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Saturday, July 4, 2009

The Myth of $1 CEO Pay

A lot of times, I hear the following story on the Communism Channel. A CEO of a struggling corporation agrees to work for a salary of $1. Isn't he such an awesome guy!

What the story neglects to mention is that the CEO is getting paid in the form of options and restricted stock (usually options).

A pro-State troll says "So what? Options are only valuable if the corporation's stock price increases!" The fallacy is that, due to inflation, all stocks rise over time.

Suppose that the CEO does a bad job, but the overall stock market doubles in 2 years. Suppose that corporation's stock price rises by "only" 80%. The CEO still gets a huge windfall when he cashes out his options, even though his corporation's stock underperformed the rest of the market.

Recently, CEO option grants are charged as an expense, according to the Black-Scholes price. The fallacy is that the true value of the option is greater than the Black-Scholes price, because the expected gain in the stock market is much greater than the risk-free interest rate. The cost of option grants are paid by other shareholders, as their ownership is diluted.

Another fallacy of option-based CEO compensation is that the CEO is not really taking any risk at all. If the share price rises, then the CEO gets a windfall. This is true even if the increase in share price is due to inflation and overall market movement, rather than anything the CEO does. If the share price falls, then the CEO gets his options repriced with a lower strike. As long as the stock price changes, the CEO benefits.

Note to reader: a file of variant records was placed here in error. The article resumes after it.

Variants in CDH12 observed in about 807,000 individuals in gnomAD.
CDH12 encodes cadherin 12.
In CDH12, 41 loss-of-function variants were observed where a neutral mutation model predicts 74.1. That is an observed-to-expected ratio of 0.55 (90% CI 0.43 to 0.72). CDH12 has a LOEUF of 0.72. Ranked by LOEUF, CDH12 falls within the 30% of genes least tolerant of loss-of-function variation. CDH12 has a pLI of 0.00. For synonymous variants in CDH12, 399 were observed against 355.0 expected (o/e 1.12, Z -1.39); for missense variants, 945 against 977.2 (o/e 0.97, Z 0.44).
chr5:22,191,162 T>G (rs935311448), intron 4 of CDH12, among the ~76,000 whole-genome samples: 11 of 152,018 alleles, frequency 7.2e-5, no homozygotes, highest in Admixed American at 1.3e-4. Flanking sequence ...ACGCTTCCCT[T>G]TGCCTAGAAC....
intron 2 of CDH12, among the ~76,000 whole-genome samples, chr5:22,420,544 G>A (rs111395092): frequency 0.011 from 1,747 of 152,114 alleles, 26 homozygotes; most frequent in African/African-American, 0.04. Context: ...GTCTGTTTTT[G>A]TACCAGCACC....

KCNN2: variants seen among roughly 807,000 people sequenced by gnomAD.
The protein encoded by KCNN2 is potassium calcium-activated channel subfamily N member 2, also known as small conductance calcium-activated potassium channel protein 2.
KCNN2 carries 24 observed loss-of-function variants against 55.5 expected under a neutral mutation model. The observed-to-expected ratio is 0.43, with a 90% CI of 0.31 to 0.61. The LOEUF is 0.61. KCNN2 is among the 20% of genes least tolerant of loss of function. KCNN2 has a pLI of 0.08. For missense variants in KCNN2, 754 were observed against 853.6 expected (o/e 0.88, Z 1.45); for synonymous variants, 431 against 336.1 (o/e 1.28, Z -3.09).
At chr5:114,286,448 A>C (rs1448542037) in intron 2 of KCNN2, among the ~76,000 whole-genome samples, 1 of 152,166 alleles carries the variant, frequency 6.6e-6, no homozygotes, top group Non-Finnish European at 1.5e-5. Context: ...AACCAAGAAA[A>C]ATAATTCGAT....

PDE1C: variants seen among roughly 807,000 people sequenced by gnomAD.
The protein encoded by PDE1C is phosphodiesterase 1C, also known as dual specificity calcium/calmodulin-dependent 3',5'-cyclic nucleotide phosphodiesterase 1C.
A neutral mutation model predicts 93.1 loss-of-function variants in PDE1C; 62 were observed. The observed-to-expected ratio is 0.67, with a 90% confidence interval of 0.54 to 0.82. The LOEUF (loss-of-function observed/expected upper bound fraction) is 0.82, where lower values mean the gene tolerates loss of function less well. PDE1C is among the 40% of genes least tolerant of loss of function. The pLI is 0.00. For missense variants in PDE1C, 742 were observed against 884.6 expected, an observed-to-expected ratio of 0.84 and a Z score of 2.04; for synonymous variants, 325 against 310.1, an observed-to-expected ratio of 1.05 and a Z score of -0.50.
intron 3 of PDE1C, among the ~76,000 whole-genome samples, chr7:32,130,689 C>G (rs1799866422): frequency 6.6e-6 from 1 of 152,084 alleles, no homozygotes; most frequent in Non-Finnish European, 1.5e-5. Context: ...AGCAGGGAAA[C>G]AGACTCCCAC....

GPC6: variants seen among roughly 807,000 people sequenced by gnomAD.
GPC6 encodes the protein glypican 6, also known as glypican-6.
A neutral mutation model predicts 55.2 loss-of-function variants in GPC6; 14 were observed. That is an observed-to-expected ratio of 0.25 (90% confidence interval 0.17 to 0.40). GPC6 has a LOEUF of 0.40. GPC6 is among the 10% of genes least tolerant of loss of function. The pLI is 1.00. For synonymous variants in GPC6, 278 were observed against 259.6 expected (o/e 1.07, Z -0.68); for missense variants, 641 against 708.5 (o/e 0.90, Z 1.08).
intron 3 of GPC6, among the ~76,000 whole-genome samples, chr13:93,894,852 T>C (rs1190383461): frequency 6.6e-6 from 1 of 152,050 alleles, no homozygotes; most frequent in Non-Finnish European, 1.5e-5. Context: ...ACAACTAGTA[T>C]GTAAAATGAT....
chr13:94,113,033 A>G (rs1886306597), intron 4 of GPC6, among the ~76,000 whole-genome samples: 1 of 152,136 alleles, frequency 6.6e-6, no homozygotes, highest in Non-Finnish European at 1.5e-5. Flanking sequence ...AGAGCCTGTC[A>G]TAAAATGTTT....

Sometimes, a profitable corporation will spend money repurchasing shares. If the CEO grants himself 1M shares of options, the corporation may repurchase 1.5M shares. The fallacy is that the money spent on share repurchases is otherwise unavailable for dividends or reinvesting for future growth. The corporation may decide to repurchase shares at the same time that the CEO is cashing out his options!

When the CEO is paid via equity grants, the other shareholders pay for it. The ownership interests of other shareholders are diluted. Just like your slave points lose their value when new money is printed, shares of stock lose their value when the CEO prints new shares and gives them to himself. This is one big reason why the stock market underperforms true inflation over time.

The "CEO working for $1!" story is a common evil fnord. It makes the CEO seem like a swell guy working for free, rather than someone lining his pockets at the expense of shareholders. Even though the CEO is working for only $1 cash, the CEO is still getting paid via option and equity grants.

1 comment:

CEO said...

I'm glad that I got to read this article. It was very enlightening and captivating.

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